Couples Therapy tips

We offer couples therapy using cutting edge fast effective therapies reaching far beyond traditional ‘Relationship Counselling’

If your relationship is in need of a hand, please call us to arrange a no obligation, no cost initial consultation with our lead couples therapist Jeannette.

.Couple photo

Top Tips to get back on track.

1. Listen!

Everybody has the need to be listened to and fully understood.
Sometimes mirroring or simply repeating what your spouse has said, is enough to let him or her know that you have been listening. For example, say something like, “I understand you’re upset because I didn’t take out the rubbish.” Or “I realise that you want to talk about what happened at work today.” Provide evidence that you are paying attention to your partner’s concerns.

2. Set aside regular couple time

Early on in a relationship couples talk as friends, they do fun things, but over time, those ways of connecting change. Work, family, financial problems, all have a way of taking over daily life and eroding the sense of fun that brought you two together in the first place. Bring the fun back – even if you have to book it into the calendar once every week. Sharing a physical activity, like a bike ride or a walk in the park, is especially good for lifting your spirits, along with your heart rate.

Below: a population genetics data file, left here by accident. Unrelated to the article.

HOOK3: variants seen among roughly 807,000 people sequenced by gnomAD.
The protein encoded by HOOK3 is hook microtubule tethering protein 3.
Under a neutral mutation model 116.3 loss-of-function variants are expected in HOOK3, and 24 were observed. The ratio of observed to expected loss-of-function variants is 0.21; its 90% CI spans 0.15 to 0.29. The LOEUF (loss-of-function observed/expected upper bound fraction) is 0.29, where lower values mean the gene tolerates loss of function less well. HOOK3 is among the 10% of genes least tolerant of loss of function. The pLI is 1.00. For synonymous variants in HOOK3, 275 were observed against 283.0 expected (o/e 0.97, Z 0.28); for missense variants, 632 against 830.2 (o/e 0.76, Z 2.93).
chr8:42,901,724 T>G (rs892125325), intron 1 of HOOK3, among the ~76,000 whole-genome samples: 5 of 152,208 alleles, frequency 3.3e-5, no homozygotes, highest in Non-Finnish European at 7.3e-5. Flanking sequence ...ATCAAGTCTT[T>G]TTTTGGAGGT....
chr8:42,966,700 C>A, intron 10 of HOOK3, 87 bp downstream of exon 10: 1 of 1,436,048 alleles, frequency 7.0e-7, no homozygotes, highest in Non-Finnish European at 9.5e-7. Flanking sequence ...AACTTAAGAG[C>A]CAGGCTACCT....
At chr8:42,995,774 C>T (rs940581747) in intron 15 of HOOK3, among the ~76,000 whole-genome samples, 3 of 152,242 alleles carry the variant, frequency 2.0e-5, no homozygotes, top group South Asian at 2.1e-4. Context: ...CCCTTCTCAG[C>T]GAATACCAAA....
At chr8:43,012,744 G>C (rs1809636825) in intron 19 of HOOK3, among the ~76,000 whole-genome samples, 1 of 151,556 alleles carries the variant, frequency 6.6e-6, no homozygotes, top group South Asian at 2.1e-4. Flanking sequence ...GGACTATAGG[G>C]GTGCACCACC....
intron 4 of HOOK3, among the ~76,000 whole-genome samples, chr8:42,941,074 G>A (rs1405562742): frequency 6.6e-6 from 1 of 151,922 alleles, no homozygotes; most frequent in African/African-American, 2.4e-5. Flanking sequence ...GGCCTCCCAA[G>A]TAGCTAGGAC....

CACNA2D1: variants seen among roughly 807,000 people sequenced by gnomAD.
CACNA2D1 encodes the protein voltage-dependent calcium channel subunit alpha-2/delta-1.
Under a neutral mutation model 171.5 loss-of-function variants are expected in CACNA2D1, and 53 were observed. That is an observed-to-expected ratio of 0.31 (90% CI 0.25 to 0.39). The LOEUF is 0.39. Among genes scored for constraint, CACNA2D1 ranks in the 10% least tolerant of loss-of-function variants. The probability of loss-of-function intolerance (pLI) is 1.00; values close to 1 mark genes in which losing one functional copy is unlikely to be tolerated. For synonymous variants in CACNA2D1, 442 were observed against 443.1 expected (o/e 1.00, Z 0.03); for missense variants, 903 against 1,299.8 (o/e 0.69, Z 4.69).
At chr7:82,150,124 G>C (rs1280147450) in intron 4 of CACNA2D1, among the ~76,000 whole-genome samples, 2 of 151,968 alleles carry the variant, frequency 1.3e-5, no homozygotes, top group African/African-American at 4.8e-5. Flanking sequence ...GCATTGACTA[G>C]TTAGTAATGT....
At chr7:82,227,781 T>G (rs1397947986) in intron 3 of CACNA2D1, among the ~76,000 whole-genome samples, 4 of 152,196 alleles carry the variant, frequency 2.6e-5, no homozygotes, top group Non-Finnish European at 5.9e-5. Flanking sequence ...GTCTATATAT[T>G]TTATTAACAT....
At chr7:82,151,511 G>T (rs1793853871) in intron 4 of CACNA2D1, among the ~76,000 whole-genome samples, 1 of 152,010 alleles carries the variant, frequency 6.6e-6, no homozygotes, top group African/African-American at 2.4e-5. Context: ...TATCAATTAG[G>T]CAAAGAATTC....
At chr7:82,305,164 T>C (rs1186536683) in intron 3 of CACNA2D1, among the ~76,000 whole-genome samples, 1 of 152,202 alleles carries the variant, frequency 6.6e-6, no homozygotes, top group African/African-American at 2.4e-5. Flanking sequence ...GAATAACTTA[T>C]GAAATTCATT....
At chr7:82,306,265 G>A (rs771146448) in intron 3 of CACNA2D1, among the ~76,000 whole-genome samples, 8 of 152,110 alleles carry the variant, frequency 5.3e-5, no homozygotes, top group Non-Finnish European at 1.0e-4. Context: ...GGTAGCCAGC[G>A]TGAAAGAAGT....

Activities like going out for an intimate dinner, staying at home and playing music from your younger days, or watching a favourite film will help both of you to remember why you chose each other. If money is in short supply, do babysitting swaps with a friend and plan a picnic in the park. There are 168 hours in a week: make a commitment to devote at least two of those hours to your relationship.

3. Don’t throw things

Of course, you and your partner are not going to agree about everything, but in expressing disagreement to your partner, playground rules apply – no insults, name-calling or throwing things. If you disagree, do it in a civil way. Don’t make the other person wrong, don’t say he’s stupid. Instead, say: “You think we ought to do this. I have another thought about it.'”

If your disagreement seems to be escalating, call a mutually agreed upon time-out, and make a plan to continue the discussion after a cooling-off period. Keeping things on a calm, even keel is better for your blood pressure and your relationship.

4. Turn up the heat

If your sex life is diminishing or you’re not having sex as often as one partner in the relationship would like, then getting your sex life back on track may be a priority.

Think about your partner as someone you desire – and someone you want to entice to fall in love with you over and over again. Pay attention to your grooming, be romantic, and don’t take your partner for granted.